Brain metastases

Brain metastases are estimated to account for approximately 25-50% of intracranial tumours in hospitalised patients. Due to great variation in imaging appearances, these metastases present a common diagnostic challenge which can importantly affect the management approach for individual patients.

This article will discuss metastatic lesions affecting both the cerebrum, the cerebellum and the brainstem parenchyma. For other intracranial metastatic locations, please refer to the main article on intracranial metastases

The term brain technically includes the cerebrum, the cerebellum and the brainstem. As the cerebrum corresponds to the majority of the brain volume and thus receives most of its blood supply, it is more common for metastatic lesions to appear in the cerebral parenchyma. Consequently, the term "cerebral metastases" is a synonym for "brain metastases".

The true incidence of brain metastases is unknown, but recent estimates are as high as 200,000 cases per year in the United States alone 1.

Five primary tumours account for 80% of brain metastases 2:

  1. lung cancer
  2. renal cell carcinoma
  3. breast cancer
  4. melanoma
  5. gastrointestinal tract adenocarcinomas (the majority colorectal carcinoma)

A population-based study of 169,444 cancer patients from 1973 to 2001 in Detroit revealed that overall, 10% of patients diagnosed with one of these five primaries went on to develop brain metastases. Specifically, 19.9% of lung cancers, 6.9% of melanomas, 6.5% of renal cancers, 5.1% of breast cancers and 1.8% of colorectal cancers metastasized to the brain 3.

Parenchymal blood flow is an important determinant of the distribution of metastases: 80% of metastases localise to the cerebral hemispheres, 15% localise to the cerebellum, and 3% localise to the basal ganglia 8. Often these tumours can be found at the grey/white matter junction. 

These patients can commonly present with headaches, seizures, mental status alterations, ataxia, nausea and vomiting, and visual disturbances. However, up to 60-75% of patients can be asymptomatic at the time of imaging 9.

In patients with known malignancies, the brain can sometimes act as a reservoir for metastatic disease as traditional chemotherapy regimes can have poor permeability through the blood-brain barrier. This can lead to presentation with cerebral metastases even with quiescent systemic disease.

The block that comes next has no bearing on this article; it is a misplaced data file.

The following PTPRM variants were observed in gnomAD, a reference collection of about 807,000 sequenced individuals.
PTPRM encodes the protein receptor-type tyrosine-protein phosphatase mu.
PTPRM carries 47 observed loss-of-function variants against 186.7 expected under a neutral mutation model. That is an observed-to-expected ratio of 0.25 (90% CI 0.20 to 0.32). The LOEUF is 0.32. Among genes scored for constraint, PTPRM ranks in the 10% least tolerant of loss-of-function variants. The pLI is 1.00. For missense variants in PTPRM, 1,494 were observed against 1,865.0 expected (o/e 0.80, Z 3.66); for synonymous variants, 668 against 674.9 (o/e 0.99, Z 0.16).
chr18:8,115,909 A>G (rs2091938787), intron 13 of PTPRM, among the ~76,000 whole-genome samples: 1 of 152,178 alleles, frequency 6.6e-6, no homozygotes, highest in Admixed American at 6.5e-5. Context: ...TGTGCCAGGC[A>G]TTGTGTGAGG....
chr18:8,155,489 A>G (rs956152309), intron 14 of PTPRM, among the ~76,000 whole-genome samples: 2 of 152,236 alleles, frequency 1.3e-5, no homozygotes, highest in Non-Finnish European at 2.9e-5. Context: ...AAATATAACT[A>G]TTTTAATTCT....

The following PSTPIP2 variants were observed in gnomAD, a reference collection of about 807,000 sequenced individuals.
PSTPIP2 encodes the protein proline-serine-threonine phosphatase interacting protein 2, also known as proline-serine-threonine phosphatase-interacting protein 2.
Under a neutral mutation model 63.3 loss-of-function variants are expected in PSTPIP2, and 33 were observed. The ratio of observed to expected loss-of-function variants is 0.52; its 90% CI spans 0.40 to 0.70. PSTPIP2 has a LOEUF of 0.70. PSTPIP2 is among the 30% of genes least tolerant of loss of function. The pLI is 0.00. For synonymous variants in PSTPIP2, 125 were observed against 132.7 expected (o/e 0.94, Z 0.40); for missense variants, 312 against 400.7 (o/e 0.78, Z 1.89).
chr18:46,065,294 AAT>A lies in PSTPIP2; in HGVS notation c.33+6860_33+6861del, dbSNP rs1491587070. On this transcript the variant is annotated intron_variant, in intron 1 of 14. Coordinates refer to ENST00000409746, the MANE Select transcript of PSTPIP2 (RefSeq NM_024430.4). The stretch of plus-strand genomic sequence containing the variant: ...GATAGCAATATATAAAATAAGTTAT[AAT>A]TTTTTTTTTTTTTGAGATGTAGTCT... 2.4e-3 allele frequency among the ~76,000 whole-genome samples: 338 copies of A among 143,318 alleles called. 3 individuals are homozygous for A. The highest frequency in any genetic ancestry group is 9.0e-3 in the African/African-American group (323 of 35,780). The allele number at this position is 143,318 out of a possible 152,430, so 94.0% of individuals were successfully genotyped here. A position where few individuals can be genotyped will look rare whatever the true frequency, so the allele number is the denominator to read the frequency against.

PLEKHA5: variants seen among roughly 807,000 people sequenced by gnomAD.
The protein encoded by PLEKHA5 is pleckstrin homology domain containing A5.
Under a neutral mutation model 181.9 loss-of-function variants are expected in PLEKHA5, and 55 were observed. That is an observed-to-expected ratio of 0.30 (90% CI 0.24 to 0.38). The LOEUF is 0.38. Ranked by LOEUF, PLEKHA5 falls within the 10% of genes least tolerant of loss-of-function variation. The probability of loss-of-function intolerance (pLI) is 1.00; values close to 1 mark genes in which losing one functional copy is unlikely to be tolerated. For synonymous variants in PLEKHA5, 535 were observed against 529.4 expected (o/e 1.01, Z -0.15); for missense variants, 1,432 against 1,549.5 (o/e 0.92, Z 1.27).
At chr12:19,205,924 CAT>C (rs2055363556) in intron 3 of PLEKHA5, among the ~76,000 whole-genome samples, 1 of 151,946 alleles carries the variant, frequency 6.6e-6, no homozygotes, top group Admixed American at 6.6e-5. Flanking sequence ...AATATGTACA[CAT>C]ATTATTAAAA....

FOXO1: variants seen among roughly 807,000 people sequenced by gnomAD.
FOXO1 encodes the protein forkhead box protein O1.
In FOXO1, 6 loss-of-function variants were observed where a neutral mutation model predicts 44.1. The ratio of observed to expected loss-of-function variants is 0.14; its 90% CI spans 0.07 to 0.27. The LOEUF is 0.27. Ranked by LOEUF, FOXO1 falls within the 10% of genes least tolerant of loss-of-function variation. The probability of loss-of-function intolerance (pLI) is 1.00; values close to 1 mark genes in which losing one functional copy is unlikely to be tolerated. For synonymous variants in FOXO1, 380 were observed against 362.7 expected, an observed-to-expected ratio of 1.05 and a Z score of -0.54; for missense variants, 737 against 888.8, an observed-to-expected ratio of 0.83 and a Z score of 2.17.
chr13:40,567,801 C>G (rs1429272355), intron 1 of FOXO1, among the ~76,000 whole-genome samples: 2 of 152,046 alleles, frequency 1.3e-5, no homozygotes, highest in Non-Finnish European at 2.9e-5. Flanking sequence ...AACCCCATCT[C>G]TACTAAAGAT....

Typically metastases are relatively well demarcated from the surrounding parenchyma, and usually, there is a zone of peritumoural oedema out of proportion with the tumour size.

Typically well-demarcated except for melanoma metastases. Their histological appearance will, of course, depend on the primary tumour.

There is a variability in the appearance of these tumours, which can make it challenging to evaluate these lesions on cross-sectional imaging.

Although cerebral metastases are often thought of as being multiple, ~50% are seemingly solitary at diagnosis and in a minority of cases, no known or identifiable malignancy is present 4. They often occur at the grey-white matter junction or in the arterial watershed areas. 

It is known that certain malignancies are more susceptible to haemorrhage and it is important to remember this characteristic when suggesting the diagnosis. Metastases that haemorrhage include melanoma, renal cell carcinoma, choriocarcinoma, thyroid cancer, lung and breast cancers

Often the first line of imaging, contrast enhanced CT was previously thought to be equivalent to MRI for the detection of metastases. However, current MRI technology has been shown to be more sensitive than CT and is the preferred imaging of choice. In any case, there is no evidence that MRI-based screening improves outcomes when compared to contrast enhanced CT yet so many institutions continue to employ CT as the initial test of choice.

On precontrast imaging, the mass may be isodense, hypodense or hyperdense (classically melanoma) compared to normal brain parenchyma with variable amounts of surrounding vasogenic oedema. Following administration of contrast, enhancement is also variable and can be intense, punctate, nodular or ring-enhancing if the tumour has out grown its blood supply.